The one thing we might be able to agree on is your sentence “The national broadcaster is responsible for informing the public not titillating or scaring them”. I hope that what I have explained here bolsters your confidence that we are in accord with your aim.

    Thank you again for being in touch.”

    Details of the BBC complaints process are available online at http://www.bbc.co.uk/complaints/handle.shtml

    Kind regards

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  3. johnrobertson834 June 14, 2016 / 4:10 pm

    My second complaint: Reporting Scotland – 6.30pm
    Transmission date
    01/06/2016
    Broadcast type
    When it was actually broadcast
    Incident time
    18:32
    Complaint category
    Poor quality
    Contacted us before
    Yes
    Reason for contacting us again
    Unhappy with previous response
    Reference
    3857699
    Complaint title
    Failure to answer first complaint
    Complaint description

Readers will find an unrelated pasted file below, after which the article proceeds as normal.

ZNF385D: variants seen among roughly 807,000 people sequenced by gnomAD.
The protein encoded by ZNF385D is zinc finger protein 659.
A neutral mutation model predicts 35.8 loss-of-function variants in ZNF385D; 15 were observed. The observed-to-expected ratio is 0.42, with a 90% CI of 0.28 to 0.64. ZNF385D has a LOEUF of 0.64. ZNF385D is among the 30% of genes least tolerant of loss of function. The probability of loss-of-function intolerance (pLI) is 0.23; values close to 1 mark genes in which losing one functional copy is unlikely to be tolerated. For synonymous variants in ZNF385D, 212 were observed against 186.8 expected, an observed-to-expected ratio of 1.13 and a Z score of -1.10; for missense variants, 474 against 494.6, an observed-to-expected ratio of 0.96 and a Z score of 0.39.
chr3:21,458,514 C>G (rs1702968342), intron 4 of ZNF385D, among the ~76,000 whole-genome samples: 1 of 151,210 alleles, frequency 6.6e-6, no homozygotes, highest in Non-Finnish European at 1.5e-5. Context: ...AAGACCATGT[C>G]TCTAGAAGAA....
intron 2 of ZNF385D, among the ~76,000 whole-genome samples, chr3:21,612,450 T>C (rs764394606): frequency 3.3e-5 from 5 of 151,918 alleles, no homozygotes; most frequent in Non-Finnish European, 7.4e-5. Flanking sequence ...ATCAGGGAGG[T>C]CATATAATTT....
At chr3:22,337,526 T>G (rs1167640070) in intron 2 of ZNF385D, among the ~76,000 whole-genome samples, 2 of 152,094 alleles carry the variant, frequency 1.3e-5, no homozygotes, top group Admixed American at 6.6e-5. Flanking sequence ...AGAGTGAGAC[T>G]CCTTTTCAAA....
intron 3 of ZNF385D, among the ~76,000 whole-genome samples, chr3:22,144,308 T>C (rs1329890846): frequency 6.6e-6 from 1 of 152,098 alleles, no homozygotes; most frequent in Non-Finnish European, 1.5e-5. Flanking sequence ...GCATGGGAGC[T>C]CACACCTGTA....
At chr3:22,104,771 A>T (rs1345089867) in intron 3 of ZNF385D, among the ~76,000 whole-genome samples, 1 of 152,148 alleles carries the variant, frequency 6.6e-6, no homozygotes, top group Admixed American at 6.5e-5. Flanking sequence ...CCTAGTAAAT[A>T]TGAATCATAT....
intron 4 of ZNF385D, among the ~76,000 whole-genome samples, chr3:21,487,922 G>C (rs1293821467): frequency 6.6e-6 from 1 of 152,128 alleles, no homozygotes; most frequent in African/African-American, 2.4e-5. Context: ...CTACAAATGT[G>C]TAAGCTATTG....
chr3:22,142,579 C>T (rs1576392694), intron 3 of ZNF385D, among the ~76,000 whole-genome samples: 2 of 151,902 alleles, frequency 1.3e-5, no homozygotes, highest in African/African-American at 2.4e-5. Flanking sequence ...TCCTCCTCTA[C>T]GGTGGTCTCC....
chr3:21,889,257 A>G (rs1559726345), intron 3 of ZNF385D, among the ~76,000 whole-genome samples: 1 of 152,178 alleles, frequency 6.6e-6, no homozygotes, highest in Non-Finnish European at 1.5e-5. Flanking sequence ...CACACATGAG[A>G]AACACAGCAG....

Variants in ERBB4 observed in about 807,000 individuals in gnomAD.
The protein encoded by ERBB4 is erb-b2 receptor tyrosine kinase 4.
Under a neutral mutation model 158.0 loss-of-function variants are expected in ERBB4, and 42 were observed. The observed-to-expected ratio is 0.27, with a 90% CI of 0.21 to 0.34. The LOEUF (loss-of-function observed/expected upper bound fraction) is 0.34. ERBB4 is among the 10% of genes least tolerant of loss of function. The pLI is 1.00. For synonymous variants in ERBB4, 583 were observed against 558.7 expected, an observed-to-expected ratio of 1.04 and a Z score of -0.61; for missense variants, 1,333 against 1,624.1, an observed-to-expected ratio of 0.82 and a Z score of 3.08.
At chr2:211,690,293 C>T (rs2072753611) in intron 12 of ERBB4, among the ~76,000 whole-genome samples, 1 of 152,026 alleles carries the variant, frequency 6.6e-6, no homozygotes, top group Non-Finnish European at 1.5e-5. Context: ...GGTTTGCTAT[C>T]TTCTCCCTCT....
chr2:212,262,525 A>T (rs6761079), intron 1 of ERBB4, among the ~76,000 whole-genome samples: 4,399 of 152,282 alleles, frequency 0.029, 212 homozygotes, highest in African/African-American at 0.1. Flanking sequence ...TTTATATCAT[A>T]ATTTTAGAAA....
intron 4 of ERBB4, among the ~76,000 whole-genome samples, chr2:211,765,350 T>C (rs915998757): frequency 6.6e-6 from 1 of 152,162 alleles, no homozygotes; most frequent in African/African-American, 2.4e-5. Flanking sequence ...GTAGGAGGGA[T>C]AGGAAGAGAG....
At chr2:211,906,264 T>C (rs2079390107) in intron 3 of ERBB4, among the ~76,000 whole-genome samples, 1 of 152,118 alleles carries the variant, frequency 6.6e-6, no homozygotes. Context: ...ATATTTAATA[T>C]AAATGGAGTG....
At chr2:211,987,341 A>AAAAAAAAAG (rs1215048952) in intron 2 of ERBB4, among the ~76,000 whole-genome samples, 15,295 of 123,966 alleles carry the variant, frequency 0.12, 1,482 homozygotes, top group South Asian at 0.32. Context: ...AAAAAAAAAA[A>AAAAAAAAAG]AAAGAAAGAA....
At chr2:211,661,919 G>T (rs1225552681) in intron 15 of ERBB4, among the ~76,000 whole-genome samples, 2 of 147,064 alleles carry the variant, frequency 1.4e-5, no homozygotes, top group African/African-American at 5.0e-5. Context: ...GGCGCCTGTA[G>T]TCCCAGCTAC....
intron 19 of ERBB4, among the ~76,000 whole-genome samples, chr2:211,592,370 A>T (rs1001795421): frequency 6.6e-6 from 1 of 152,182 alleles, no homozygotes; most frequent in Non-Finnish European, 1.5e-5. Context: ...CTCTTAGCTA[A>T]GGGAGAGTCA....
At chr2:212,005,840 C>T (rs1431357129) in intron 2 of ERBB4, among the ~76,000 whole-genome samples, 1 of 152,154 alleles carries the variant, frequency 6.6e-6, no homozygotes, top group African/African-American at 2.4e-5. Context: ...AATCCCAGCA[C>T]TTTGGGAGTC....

Reference CAS-3857699-M6Z30T RS Ed: You point out that we used a shot over a headline which showed a hospital – Astley Ainslie – which did not match the words in that headline. Whilst there was short staffing at all four hospitals, as you point out, the focus of the report was on particular failings at a different hospital. We accept that it would have been more accurate to use an image of that hospital and we are sorry if this caused any confusion. Me: I asked why you did not inform the viewer that inspectors had only intervened in one hospital. What is your answer? RS Ed: You query why we might use a part of the report which does not appear in the press (or news) release. We do not write our stories from news releases but from an assessment of the news values of a whole report. Me: What do you mean by ‘news values’ other than the trivial titillation and scare-mongering common in tabloid newspapers? You may have learned about news values when training but the BBC has a set of standards which transcend these undergraduate notions and which lead us to expect representative coverage of the report and not whatever takes your fancy. It’s the BBC. RS Ed: You also appear to ignore the content of the interview Jackie Bird conducted with our health correspondent Eleanor Bradford. She cited the story in the report of the two ward interventions with patients who had been ringing their buzzers for up to ten minutes. She also cited another part of the report which recorded that three of the elderly wards among the four institutions inspected had buzzers ringing constantly. She said a running theme was understaffing. Me: These are not significant elements in the report and have been presented by you in an effort to titillate rather than to inform the viewer. Why did you not interview a representative from Health Improvement Scotland to get a more reliable account of the report’s contents?